Feb. 4, 2014
/PRNewswire/ -- Philips, the global leader in lighting, today announced that the U.S. General Services Administration (GSA) has selected Philips' SpaceWise technology to participate in the FY2013 Green Proving Ground (GPG) program that evaluates innovative sustainable building technologies. Designed for large, open-plan office spaces, SpaceWise integrates intelligence and dimming controls tuned to specific application needs in the LED luminaire, resulting in advanced performance and deeper energy savings of up to 50 to 75 percent over traditional lighting technologies. With presence detection and daylight harvesting, each fixture acts independently, yet is part of a mesh network that reacts to occupants – all without the need for re-wiring or additional building controls.
Green Proving Ground uses GSA's own real estate portfolio as a test bed to evaluate technologies that reduce energy consumption in federal buildings and have significant savings potential. The technologies are selected for their potential to help reduce operating costs, improve occupant well-being and to meet the sustainability goals in President Obama's Executive Order 13514 on environmental, energy and economic performance. The ongoing GSA study evaluates LED Lighting technologies with Integrated Controls, including LED retrofit technology that integrates lamp, driver, daylight controls, and occupancy sensors into a single unit. Designed for one-for-one replacement of existing T-12 and T-8 fluorescent fixtures, this technology can be installed using existing wiring. Automatic system calibration and the use of a handheld remote to group fixtures improve the efficiency of commissioning.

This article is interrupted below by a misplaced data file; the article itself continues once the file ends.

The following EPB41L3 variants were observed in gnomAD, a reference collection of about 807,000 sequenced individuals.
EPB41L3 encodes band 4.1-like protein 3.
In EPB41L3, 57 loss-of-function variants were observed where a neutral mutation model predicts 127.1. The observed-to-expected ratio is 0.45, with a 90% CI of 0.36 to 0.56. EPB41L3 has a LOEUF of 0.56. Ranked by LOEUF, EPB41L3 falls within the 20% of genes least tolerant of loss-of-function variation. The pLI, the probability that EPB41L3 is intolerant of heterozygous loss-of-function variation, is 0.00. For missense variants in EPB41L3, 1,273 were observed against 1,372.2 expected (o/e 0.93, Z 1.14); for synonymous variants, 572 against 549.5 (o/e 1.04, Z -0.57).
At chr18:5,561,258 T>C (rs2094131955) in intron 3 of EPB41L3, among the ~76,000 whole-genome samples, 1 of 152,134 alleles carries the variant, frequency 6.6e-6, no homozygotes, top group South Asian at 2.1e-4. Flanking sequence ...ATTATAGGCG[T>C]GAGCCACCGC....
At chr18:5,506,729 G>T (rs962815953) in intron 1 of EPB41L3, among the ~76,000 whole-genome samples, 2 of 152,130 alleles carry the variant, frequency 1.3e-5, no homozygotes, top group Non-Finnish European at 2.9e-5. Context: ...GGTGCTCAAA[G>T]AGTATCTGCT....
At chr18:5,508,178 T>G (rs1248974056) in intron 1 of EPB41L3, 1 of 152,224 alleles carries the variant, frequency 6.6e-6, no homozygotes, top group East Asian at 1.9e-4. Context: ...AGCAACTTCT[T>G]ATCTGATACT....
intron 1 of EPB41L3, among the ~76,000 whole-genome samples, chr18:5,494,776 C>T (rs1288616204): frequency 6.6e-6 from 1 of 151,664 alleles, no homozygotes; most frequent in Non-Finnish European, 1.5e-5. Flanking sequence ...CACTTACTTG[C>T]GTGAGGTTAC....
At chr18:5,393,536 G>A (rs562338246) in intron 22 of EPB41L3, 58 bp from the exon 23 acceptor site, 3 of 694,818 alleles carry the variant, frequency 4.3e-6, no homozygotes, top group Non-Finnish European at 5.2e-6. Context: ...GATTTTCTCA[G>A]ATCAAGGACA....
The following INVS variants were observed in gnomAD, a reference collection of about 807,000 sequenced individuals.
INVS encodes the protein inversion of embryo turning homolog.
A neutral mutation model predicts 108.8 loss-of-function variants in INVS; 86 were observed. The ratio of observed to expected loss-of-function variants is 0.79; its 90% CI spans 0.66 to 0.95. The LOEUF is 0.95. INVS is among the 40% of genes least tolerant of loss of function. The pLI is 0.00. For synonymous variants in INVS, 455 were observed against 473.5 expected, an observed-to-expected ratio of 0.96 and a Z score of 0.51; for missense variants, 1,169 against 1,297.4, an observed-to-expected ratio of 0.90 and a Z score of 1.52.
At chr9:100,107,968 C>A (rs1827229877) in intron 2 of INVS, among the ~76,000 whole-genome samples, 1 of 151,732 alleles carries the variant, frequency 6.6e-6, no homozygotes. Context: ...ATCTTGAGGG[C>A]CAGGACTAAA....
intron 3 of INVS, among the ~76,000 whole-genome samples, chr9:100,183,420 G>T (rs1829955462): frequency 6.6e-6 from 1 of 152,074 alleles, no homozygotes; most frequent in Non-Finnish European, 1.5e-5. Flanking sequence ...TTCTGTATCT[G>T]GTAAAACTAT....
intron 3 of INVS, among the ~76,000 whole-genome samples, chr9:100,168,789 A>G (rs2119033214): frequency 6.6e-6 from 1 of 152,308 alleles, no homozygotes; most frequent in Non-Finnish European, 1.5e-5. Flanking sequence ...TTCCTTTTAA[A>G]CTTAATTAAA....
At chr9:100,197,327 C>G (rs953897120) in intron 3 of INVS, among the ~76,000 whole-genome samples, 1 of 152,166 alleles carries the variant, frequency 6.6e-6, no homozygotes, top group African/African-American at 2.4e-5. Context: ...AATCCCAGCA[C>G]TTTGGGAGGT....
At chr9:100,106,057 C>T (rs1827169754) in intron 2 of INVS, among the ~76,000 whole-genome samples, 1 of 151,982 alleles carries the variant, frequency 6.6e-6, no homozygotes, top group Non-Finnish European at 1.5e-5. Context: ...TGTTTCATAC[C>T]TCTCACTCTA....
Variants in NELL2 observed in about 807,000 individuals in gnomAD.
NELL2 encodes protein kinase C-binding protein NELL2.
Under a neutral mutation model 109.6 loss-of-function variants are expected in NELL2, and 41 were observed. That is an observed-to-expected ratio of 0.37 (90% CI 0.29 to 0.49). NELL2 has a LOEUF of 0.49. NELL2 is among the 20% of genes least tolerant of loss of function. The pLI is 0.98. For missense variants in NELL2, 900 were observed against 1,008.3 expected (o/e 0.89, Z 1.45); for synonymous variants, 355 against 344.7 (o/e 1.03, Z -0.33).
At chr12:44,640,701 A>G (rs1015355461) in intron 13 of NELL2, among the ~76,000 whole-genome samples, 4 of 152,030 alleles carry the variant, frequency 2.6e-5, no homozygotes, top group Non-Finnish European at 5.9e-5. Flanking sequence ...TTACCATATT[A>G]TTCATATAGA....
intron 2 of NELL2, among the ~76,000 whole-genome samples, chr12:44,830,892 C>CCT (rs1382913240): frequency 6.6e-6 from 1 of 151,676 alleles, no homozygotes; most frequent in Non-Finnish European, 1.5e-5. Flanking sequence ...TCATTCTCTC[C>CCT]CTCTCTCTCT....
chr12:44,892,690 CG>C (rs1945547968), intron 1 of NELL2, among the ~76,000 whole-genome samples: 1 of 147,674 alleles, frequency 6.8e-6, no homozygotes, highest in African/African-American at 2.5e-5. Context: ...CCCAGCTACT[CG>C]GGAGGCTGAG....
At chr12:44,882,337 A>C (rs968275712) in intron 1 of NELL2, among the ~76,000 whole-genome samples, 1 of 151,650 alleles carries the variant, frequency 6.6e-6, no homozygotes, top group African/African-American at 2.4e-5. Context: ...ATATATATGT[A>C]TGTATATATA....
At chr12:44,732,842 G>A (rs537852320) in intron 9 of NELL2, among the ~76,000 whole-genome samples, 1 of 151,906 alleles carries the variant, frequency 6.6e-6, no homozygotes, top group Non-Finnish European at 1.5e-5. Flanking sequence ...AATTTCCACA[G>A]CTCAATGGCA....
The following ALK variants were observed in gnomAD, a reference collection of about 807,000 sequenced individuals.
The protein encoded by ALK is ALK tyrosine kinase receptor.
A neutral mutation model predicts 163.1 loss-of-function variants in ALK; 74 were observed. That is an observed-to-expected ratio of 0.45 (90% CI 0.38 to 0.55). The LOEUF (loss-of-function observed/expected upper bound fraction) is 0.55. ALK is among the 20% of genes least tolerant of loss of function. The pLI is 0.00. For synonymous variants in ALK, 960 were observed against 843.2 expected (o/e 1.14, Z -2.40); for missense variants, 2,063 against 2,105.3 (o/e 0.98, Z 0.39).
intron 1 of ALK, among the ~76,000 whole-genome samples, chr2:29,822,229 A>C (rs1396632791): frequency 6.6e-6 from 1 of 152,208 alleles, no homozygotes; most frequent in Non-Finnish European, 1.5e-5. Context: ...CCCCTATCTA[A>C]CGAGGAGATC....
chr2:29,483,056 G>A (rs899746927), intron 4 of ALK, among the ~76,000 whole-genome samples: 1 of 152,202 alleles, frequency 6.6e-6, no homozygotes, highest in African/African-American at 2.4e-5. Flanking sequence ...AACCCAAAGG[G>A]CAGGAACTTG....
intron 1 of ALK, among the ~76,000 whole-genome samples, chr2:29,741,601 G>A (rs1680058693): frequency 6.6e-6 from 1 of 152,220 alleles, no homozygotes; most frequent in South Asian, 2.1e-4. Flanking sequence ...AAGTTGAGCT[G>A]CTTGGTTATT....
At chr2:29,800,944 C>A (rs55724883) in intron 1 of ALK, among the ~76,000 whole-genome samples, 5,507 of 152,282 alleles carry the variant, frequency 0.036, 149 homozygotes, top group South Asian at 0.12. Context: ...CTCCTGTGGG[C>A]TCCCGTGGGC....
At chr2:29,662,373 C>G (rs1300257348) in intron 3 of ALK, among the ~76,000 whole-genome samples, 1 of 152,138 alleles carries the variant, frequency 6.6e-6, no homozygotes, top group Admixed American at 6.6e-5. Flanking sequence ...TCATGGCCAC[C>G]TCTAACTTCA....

As a solution that integrates LED technology with controls, SpaceWise will be measured and validated at GSA properties in
for energy efficiency, cost effectiveness, operations and maintenance, and deployment potential. The GSA will work with the Department of Energy's (DOE) Lawrence Berkeley National Laboratory (LBNL) to conduct the testing and evaluation study.
Lighting constitutes 30 to 35 percent of total energy load in commercial buildings. There are over 4.9 million non-residential buildings in the US and over 72 billion square feet of commercial space, of which 19 percent are offices. Private offices have long been served by room-based occupancy sensors, but the cost and complexity for new controls design and wiring has been a primary barrier to adoption. Open-plan offices are especially difficult to re-wire for controls due to pre-existing building zones and circuits. With two-thirds of today's office space being open office, SpaceWise becomes a breakthrough technology to achieve deep energy efficiency where it previously was not possible.